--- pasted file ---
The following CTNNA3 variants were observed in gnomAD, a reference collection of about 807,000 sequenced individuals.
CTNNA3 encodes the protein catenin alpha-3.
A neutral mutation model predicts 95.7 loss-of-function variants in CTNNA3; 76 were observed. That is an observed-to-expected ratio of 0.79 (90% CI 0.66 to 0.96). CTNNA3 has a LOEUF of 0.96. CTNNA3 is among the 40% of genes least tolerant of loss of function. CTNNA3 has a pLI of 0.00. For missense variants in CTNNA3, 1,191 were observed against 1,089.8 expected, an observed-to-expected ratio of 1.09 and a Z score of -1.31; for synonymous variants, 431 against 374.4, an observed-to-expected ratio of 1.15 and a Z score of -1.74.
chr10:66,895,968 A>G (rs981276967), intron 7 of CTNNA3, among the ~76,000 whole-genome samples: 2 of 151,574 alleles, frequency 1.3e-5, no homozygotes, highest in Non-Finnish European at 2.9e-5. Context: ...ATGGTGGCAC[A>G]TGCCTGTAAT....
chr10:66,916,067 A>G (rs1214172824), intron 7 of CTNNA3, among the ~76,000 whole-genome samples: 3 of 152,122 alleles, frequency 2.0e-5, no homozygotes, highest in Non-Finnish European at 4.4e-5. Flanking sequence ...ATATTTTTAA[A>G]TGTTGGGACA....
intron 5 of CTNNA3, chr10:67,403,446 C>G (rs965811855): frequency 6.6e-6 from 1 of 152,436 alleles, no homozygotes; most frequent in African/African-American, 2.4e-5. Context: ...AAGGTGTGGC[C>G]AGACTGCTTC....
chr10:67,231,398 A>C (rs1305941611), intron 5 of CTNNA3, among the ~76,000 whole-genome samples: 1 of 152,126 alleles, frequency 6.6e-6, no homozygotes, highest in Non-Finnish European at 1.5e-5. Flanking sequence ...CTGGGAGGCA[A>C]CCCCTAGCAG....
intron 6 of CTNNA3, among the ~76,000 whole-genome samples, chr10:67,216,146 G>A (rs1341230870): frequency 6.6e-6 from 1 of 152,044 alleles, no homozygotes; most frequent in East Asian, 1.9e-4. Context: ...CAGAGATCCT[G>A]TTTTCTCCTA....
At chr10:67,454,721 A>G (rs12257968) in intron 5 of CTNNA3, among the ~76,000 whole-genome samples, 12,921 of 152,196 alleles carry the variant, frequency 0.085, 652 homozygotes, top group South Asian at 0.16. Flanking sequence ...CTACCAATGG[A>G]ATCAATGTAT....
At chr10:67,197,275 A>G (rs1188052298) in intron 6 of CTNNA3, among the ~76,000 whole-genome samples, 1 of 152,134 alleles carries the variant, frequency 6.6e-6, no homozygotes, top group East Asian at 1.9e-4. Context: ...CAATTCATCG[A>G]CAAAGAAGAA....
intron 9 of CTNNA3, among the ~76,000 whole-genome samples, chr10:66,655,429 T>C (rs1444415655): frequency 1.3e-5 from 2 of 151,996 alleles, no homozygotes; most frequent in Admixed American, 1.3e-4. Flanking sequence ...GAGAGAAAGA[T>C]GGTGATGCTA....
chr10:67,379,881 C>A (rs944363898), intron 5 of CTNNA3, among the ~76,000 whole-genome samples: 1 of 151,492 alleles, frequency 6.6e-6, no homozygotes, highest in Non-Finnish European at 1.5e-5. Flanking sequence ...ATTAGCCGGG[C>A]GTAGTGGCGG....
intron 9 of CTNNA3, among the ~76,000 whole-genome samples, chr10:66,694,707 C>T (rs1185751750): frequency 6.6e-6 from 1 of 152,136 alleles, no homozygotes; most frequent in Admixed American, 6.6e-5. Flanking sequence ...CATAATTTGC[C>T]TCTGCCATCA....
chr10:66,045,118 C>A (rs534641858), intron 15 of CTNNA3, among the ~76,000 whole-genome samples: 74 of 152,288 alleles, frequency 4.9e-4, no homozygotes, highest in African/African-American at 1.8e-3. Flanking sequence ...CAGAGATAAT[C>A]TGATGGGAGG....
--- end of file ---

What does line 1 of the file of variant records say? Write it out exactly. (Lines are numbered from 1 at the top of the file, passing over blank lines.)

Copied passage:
The following CTNNA3 variants were observed in gnomAD, a reference collection of about 807,000 sequenced individuals.